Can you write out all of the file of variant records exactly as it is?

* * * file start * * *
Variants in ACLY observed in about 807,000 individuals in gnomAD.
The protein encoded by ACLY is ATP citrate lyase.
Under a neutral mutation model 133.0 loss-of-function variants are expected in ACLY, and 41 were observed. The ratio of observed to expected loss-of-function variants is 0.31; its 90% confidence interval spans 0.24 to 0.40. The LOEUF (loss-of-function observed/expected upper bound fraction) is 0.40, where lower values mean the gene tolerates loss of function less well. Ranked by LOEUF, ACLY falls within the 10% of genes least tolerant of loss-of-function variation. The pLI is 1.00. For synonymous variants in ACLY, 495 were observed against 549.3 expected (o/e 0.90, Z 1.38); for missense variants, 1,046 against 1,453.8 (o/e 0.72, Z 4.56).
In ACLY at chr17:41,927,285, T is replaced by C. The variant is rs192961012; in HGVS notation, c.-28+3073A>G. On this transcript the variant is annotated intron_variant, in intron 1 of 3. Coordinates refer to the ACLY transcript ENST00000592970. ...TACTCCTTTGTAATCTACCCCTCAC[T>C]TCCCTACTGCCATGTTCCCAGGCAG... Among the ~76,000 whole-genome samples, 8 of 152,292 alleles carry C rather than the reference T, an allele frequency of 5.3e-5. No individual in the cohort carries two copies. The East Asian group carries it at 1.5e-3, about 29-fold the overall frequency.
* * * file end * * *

Variants in ACLY observed in about 807,000 individuals in gnomAD.
The protein encoded by ACLY is ATP citrate lyase.
Under a neutral mutation model 133.0 loss-of-function variants are expected in ACLY, and 41 were observed. The ratio of observed to expected loss-of-function variants is 0.31; its 90% confidence interval spans 0.24 to 0.40. The LOEUF (loss-of-function observed/expected upper bound fraction) is 0.40, where lower values mean the gene tolerates loss of function less well. Ranked by LOEUF, ACLY falls within the 10% of genes least tolerant of loss-of-function variation. The pLI is 1.00. For synonymous variants in ACLY, 495 were observed against 549.3 expected (o/e 0.90, Z 1.38); for missense variants, 1,046 against 1,453.8 (o/e 0.72, Z 4.56).
In ACLY at chr17:41,927,285, T is replaced by C. The variant is rs192961012; in HGVS notation, c.-28+3073A>G. On this transcript the variant is annotated intron_variant, in intron 1 of 3. Coordinates refer to the ACLY transcript ENST00000592970. ...TACTCCTTTGTAATCTACCCCTCAC[T>C]TCCCTACTGCCATGTTCCCAGGCAG... Among the ~76,000 whole-genome samples, 8 of 152,292 alleles carry C rather than the reference T, an allele frequency of 5.3e-5. No individual in the cohort carries two copies. The East Asian group carries it at 1.5e-3, about 29-fold the overall frequency.